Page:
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Cardiovascular Drugs Our Patients Take

Course Number: 581

Cardiovascular Drugs in the Top 300

Therapeutic agents in the Top 300 Prescription Drugs dispensed by U.S. community pharmacies indicated for the treatment of cardiovascular diseases fall into 6 major categories: (1) drugs that regulate cholesterol and lipoprotein metabolism, (2) drugs that regulate extracellular fluid volume, (3) drugs that regulate vascular tone, (4) drugs that regulate cardiac rhythm, (5) drugs that regulate cardiac contractility, and (6) drugs that affect hemostasis, i.e., platelet function and coagulation.2-9

Oral healthcare providers (OHCPs) need to (1) recognize medications by name (generic and/or brand name); (2) know their mechanisms of action and indications for use; (3) be aware of the spectrum of their ADRs and be actively involved in monitoring for and reporting such adverse effects; (4) have access to reliable informational resources. DailyMed is the official repository for FDA-approved individual drug-related clinically relevant data and it is a useful online resource for clinicians.10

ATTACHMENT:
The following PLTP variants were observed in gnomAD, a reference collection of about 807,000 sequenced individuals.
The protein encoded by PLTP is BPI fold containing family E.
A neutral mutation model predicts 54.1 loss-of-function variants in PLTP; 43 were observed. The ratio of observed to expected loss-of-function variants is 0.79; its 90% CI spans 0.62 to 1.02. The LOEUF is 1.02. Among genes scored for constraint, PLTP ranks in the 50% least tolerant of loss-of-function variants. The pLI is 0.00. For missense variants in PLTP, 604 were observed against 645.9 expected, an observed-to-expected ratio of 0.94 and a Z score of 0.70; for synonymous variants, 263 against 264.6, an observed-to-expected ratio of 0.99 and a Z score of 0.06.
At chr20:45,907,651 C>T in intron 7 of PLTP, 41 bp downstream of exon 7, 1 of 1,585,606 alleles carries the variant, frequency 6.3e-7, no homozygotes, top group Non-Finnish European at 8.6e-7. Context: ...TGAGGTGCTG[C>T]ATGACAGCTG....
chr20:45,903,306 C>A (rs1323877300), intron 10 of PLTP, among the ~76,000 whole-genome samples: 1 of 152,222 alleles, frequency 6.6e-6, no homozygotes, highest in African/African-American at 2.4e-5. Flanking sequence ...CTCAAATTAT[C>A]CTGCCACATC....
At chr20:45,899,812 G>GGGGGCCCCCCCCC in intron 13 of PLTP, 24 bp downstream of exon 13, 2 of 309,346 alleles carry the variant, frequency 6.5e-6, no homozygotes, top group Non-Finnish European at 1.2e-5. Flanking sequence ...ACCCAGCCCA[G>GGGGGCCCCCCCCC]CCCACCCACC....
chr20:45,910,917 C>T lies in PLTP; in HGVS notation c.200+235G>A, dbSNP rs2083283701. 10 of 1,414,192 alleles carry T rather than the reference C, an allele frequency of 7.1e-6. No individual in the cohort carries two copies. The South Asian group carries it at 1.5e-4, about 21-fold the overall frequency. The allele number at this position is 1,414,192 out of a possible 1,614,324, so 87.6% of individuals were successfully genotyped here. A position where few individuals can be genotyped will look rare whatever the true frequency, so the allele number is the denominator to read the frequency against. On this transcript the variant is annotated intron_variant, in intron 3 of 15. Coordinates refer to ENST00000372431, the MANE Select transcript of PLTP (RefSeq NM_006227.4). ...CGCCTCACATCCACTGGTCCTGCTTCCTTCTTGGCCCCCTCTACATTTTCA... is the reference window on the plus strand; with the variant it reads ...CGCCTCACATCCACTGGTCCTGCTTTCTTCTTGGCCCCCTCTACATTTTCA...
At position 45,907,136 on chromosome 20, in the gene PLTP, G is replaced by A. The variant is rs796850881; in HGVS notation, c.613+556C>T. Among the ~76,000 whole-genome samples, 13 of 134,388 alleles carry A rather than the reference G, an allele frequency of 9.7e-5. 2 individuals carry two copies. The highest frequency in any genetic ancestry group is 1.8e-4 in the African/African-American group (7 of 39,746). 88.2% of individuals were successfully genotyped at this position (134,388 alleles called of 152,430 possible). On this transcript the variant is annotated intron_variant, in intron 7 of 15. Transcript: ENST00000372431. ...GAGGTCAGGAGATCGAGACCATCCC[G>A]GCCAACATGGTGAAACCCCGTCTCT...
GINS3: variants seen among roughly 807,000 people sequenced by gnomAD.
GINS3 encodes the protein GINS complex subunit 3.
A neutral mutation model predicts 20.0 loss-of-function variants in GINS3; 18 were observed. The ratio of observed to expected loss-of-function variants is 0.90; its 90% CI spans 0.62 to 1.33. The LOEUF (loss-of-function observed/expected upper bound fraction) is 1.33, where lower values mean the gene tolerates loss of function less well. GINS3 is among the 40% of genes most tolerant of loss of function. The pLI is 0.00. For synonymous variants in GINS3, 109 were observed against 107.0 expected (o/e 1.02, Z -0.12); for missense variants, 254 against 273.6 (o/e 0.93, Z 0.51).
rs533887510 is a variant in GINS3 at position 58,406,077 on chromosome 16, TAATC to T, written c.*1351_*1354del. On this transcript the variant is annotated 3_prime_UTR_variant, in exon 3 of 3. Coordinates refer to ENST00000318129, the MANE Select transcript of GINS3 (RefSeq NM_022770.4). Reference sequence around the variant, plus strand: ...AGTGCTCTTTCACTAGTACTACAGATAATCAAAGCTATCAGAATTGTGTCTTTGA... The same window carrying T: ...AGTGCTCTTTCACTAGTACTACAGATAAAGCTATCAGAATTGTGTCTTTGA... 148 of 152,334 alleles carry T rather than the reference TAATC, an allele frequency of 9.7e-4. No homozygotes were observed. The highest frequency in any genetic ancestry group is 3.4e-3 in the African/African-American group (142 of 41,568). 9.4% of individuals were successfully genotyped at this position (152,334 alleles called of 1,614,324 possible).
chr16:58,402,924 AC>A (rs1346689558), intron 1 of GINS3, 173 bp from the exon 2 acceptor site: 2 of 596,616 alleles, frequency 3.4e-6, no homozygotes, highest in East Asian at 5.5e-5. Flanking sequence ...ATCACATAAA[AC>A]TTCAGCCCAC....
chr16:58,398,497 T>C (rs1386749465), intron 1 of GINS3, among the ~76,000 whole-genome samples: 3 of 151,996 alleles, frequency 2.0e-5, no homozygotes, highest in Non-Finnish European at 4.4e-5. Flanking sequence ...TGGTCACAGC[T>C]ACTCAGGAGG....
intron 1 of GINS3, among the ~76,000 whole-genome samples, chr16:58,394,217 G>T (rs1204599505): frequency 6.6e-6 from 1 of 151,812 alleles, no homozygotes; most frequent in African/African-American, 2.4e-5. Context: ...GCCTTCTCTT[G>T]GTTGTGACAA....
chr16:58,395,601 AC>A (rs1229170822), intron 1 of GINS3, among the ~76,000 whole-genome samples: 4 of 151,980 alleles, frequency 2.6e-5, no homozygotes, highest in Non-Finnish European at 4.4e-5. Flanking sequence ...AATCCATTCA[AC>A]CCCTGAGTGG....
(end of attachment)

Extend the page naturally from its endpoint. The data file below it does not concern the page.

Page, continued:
The Council of International Organizations of Medical Sciences in their publication “Reporting Adverse Drug Reactions: Definitions of Terms and Criteria for Their Use” codified ADRs under 21 major headings and defined 179 conditions considered reportable.11 ADRs range from mild to severe and can lead to hospitalization, permanent disability, and even death. The issue of identifying and addressing ADRS cannot be overstated. ADRs occur in up to 35% of older outpatients and 44% of older inpatients. Patients taking 7 or more medications have an 80% risk of experiencing an ADR and ADRs account for 10% of all emergency department visits.12

Adverse drug effects may be explained by one of five mechanisms: (1) “on-target” adverse reactions, (2) “off-target” adverse reactions, (3) cytotoxic reactions, (4) immune-mediated reactions, and (5) idiosyncratic reactions, i.e., reactions of unknown mechanisms.13 A discussion of mechanisms of ADRs, common ADRs associated with drugs dispensed by U.S. community pharmacies, and less common ADRs that may manifest in the head and neck area is presented elsewhere.13-15